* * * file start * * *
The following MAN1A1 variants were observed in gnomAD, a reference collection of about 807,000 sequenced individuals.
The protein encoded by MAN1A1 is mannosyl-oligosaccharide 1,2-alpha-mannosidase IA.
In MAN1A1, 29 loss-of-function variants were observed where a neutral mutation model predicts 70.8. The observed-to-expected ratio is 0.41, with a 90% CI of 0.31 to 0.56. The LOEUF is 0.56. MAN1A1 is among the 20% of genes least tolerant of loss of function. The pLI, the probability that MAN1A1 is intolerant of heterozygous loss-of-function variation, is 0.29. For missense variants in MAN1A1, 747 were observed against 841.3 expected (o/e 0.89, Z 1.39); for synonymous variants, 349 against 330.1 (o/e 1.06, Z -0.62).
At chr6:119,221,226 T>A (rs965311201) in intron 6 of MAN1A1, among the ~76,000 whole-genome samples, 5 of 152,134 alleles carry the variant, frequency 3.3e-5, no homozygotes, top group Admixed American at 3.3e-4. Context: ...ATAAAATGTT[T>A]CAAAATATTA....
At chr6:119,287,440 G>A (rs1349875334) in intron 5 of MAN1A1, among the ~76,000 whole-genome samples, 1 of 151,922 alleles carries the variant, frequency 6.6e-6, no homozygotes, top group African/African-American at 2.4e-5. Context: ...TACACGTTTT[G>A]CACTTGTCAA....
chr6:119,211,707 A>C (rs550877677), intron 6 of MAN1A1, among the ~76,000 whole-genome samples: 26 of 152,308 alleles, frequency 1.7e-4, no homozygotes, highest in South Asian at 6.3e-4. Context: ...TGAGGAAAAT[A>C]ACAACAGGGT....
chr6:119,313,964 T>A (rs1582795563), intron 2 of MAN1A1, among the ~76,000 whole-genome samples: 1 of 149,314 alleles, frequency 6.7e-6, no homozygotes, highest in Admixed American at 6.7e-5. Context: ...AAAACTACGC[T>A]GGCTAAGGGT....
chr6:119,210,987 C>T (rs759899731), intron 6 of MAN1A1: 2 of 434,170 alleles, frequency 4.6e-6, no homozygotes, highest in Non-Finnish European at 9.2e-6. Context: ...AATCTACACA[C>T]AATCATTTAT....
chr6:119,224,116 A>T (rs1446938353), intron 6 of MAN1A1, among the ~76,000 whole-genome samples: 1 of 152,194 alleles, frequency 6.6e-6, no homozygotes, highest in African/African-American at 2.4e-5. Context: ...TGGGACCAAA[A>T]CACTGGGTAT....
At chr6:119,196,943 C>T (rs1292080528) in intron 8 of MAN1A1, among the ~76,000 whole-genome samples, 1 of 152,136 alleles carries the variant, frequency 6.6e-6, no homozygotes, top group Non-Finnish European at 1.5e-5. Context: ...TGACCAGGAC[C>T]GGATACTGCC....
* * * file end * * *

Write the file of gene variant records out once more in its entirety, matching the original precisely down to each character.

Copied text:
The following MAN1A1 variants were observed in gnomAD, a reference collection of about 807,000 sequenced individuals.
The protein encoded by MAN1A1 is mannosyl-oligosaccharide 1,2-alpha-mannosidase IA.
In MAN1A1, 29 loss-of-function variants were observed where a neutral mutation model predicts 70.8. The observed-to-expected ratio is 0.41, with a 90% CI of 0.31 to 0.56. The LOEUF is 0.56. MAN1A1 is among the 20% of genes least tolerant of loss of function. The pLI, the probability that MAN1A1 is intolerant of heterozygous loss-of-function variation, is 0.29. For missense variants in MAN1A1, 747 were observed against 841.3 expected (o/e 0.89, Z 1.39); for synonymous variants, 349 against 330.1 (o/e 1.06, Z -0.62).
At chr6:119,221,226 T>A (rs965311201) in intron 6 of MAN1A1, among the ~76,000 whole-genome samples, 5 of 152,134 alleles carry the variant, frequency 3.3e-5, no homozygotes, top group Admixed American at 3.3e-4. Context: ...ATAAAATGTT[T>A]CAAAATATTA....
At chr6:119,287,440 G>A (rs1349875334) in intron 5 of MAN1A1, among the ~76,000 whole-genome samples, 1 of 151,922 alleles carries the variant, frequency 6.6e-6, no homozygotes, top group African/African-American at 2.4e-5. Context: ...TACACGTTTT[G>A]CACTTGTCAA....
chr6:119,211,707 A>C (rs550877677), intron 6 of MAN1A1, among the ~76,000 whole-genome samples: 26 of 152,308 alleles, frequency 1.7e-4, no homozygotes, highest in South Asian at 6.3e-4. Context: ...TGAGGAAAAT[A>C]ACAACAGGGT....
chr6:119,313,964 T>A (rs1582795563), intron 2 of MAN1A1, among the ~76,000 whole-genome samples: 1 of 149,314 alleles, frequency 6.7e-6, no homozygotes, highest in Admixed American at 6.7e-5. Context: ...AAAACTACGC[T>A]GGCTAAGGGT....
chr6:119,210,987 C>T (rs759899731), intron 6 of MAN1A1: 2 of 434,170 alleles, frequency 4.6e-6, no homozygotes, highest in Non-Finnish European at 9.2e-6. Context: ...AATCTACACA[C>T]AATCATTTAT....
chr6:119,224,116 A>T (rs1446938353), intron 6 of MAN1A1, among the ~76,000 whole-genome samples: 1 of 152,194 alleles, frequency 6.6e-6, no homozygotes, highest in African/African-American at 2.4e-5. Context: ...TGGGACCAAA[A>T]CACTGGGTAT....
At chr6:119,196,943 C>T (rs1292080528) in intron 8 of MAN1A1, among the ~76,000 whole-genome samples, 1 of 152,136 alleles carries the variant, frequency 6.6e-6, no homozygotes, top group Non-Finnish European at 1.5e-5. Context: ...TGACCAGGAC[C>T]GGATACTGCC....